Green Party pledges to cut train and bus fares
In the first announced policy from its forthcoming General Election manifesto, the Green Party has proposed a 10% cut in rail and bus fares "to relieve the national reliance on carbon-intensive forms of transport".
The scheme, projected to cost around £9bn over the course of the next Parliament, will be paid for by scrapping the majority of the current Government's £15bn road building programme.
Speaking at a protest against the privatised rail system, Green Party leader Natalie Bennett said: "This investment of £1.8bn [per year] would offer an enormous help to Britons to as they travel between communities, to work, to meet up with friends and relatives, and would help us relieve the national reliance on carbon-intensive forms of transport.
"The privatisation of the railways has been a huge disservice to passengers - driving up prices while creating a race to the bottom in service provision. It's left us with a rail network that is fragmented, costly, understaffed, and under-invested - and the public are shouldering the financial burden."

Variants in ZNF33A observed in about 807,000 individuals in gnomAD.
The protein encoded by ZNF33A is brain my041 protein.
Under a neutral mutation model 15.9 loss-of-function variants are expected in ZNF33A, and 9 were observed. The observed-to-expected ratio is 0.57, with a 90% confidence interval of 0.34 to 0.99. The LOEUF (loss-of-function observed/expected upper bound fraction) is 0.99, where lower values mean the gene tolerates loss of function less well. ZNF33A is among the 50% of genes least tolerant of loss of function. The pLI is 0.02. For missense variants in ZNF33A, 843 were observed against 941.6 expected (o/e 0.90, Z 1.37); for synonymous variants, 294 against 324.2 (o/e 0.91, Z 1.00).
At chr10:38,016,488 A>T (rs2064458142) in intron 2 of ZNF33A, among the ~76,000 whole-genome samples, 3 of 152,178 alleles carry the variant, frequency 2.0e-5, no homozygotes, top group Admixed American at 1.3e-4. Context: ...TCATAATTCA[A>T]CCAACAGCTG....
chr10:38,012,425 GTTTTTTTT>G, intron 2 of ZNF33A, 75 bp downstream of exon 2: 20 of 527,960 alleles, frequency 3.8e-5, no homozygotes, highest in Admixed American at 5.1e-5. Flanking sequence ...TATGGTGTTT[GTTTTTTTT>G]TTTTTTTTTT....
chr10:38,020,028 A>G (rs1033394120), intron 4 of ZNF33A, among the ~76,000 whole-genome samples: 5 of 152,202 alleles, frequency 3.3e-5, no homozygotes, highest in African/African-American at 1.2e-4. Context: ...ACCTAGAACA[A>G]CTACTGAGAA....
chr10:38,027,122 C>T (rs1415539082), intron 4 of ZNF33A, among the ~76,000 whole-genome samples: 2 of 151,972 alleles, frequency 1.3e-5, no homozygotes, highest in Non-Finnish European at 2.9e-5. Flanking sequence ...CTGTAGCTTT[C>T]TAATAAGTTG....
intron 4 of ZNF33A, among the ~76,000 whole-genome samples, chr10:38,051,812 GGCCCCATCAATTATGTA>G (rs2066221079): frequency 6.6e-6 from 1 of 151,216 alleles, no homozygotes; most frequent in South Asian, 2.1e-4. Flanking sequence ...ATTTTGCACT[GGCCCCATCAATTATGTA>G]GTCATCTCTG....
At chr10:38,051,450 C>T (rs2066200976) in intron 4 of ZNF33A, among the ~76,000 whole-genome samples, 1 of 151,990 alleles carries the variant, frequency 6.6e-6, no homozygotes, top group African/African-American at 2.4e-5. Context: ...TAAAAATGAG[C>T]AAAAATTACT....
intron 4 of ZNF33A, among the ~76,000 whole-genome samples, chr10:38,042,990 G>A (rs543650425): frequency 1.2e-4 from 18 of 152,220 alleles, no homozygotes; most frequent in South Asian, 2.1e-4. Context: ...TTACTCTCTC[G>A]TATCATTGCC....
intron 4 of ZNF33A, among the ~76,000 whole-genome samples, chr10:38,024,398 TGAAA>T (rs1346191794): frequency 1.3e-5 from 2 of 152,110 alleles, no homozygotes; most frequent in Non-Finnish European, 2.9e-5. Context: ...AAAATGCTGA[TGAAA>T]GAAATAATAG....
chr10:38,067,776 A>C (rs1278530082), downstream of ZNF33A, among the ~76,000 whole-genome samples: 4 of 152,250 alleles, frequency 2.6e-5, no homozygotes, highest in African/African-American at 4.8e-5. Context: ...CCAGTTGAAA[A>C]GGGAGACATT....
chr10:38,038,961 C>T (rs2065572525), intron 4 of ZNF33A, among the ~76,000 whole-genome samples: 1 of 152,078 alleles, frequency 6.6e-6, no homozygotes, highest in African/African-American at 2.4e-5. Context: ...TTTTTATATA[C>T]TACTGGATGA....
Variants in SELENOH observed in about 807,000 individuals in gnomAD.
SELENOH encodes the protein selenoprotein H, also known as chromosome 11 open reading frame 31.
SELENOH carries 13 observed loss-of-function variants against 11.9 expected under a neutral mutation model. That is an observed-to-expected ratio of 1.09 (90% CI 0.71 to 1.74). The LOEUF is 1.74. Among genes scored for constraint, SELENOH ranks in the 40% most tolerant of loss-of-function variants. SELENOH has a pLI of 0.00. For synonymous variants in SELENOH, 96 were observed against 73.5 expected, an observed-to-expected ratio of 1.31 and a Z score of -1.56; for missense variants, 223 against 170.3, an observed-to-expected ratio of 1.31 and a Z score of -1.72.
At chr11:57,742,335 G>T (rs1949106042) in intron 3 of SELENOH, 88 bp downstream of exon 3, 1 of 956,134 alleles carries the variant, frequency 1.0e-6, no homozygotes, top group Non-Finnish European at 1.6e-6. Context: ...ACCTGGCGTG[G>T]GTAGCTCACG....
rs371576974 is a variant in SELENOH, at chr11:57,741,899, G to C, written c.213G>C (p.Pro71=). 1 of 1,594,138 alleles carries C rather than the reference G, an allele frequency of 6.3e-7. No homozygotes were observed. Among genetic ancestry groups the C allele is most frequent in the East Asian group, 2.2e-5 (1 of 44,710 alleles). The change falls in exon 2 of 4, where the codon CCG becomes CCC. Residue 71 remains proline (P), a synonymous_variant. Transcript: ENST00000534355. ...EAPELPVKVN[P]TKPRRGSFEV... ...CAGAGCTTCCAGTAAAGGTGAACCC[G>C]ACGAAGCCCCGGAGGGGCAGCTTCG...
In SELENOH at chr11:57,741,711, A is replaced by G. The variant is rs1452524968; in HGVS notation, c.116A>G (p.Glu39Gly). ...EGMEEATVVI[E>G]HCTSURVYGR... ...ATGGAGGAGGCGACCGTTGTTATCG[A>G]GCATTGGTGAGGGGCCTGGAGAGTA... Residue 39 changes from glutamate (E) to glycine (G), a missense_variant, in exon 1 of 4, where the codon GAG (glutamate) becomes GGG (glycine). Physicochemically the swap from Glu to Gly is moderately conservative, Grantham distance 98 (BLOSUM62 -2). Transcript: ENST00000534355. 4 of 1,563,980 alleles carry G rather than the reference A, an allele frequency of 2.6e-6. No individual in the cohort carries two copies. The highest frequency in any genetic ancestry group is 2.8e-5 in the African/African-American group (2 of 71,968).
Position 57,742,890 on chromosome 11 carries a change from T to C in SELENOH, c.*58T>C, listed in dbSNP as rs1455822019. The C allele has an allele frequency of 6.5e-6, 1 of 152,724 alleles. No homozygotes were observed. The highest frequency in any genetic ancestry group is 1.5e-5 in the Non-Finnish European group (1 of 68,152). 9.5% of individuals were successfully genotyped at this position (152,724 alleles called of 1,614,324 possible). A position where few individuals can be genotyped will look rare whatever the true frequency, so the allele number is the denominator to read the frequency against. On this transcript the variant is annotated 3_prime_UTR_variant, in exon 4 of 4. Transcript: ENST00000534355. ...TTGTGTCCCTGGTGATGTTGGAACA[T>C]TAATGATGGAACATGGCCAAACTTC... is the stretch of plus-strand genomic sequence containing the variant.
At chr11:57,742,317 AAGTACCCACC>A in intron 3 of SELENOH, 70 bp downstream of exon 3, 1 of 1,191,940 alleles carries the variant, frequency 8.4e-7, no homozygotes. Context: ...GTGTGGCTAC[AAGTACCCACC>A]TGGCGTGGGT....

While it is unlikely the Greens will ever wield sufficient power to enact their policy, support for the party is at an all-time high, as a recent YouGov poll found that one-in-ten voters would vote Green if there was a general election tomorrow.
In addition, Green Party membership has more than doubled in the past year to 38,000, compared to 44,000 for the Liberal Democrats.
At the opposite end of the political spectrum, Ukip kicked off its election season earlier this week with energy spokesman Roger Helmer saying that climate change is still 'open to question' and that the party would repeal the Climate Change Act, if elected.